295 F.3d 157
Lily LAPLACE-BAYARD, ET AL., Plaintiffs, Appellants,
Dr. Francisco BATLLE, Defendant, Appellee.
United States Court of Appeals, First Circuit.
Heard March 6, 2002.
Decided July 16, 2002.
Alexander H. Bopp, with whom Indiano & Williams, P.S.C. was on brief for appellants.
Jorge J. L?pez L?pez, with whom Ramonita Dieppa Gonz?lez and Otero & L?pez, L.L.P. were on brief for appellee.
Before SELYA, Circuit Judge, COFFIN, Senior Circuit Judge, and LIPEZ, Circuit Judge.
LIPEZ, Circuit Judge.
This is an appeal from a no-liability jury verdict in a medical malpractice case. Plaintiffs-appellants ? Lily LaPlace-Bayard, her husband Daniel Bayard, and their conjugal partnership (collectively “plaintiffs”) ? brought this diversity action in negligence against, inter alia, defendant-appellee, Dr. Francisco Batlle, alleging that Dr. Batlle breached the duty of care owed to his patient LaPlace-Bayard when he failed to timely diagnose her condition and perform immediate remedial surgery, causing her substantial injury. After trial, the jury returned a verdict for Dr. Batlle, and judgment was accordingly entered in his favor. On appeal, plaintiffs seek a new trial on the grounds that the trial court abused its discretion by (1) excluding the testimony of one of their proposed medical experts and (2) allowing Dr. Batlle to testify as an expert witness. Unpersuaded by plaintiffs’ arguments, we affirm.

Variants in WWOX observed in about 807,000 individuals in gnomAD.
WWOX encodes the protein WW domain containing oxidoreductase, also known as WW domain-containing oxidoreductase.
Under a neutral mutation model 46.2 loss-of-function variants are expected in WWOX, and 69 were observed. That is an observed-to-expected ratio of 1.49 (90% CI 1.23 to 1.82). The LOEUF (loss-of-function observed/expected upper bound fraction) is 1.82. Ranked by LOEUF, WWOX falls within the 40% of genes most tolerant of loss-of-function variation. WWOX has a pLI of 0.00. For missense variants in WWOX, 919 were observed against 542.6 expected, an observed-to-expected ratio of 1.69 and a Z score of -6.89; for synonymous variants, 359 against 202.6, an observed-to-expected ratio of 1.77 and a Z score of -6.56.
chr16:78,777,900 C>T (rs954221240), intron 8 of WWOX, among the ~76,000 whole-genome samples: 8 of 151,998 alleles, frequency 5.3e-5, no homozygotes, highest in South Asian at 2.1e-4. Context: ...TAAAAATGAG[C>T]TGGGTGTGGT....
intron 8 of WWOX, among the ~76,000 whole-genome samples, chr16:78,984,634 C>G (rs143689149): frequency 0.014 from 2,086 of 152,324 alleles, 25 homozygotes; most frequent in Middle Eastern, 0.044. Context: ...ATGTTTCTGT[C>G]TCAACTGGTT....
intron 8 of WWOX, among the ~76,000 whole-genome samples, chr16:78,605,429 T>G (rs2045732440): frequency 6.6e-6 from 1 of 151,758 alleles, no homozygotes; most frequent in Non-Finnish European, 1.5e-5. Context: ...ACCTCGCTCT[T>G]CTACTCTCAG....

In the summer of 1998, when LaPlace-Bayard and her then-fiance Daniel Bayard were residents of the U.S. Virgin Islands, LaPlace-Bayard was diagnosed with a cyst on one of her ovaries. Upon consultation with a gynecologist in Puerto Rico, LaPlace-Bayard decided to undergo surgery to have the cyst removed. The surgery took place on August 6, 1998, at Auxilio Mutuo Hospital in Puerto Rico. It is undisputed by the parties to this appeal that, during surgery, the operating physician inadvertently perforated LaPlace-Bayard’s colon in removing the cyst. That perforation went unnoticed, however, and LaPlace-Bayard was discharged from the hospital later that day. Complaining of abdominal pain and fever, LaPlace-Bayard returned to the hospital on August 7, 1998, where she was seen by, inter alia, an emergency room surgeon, Dr. Batlle, who diagnosed her as suffering from “acute abdomen,” an intra-abdominal condition manifested by severe pain. On August 8, 1998, Dr. Batlle performed exploratory surgery on LaPlace-Bayard and, upon discovery, repaired the perforation in her colon.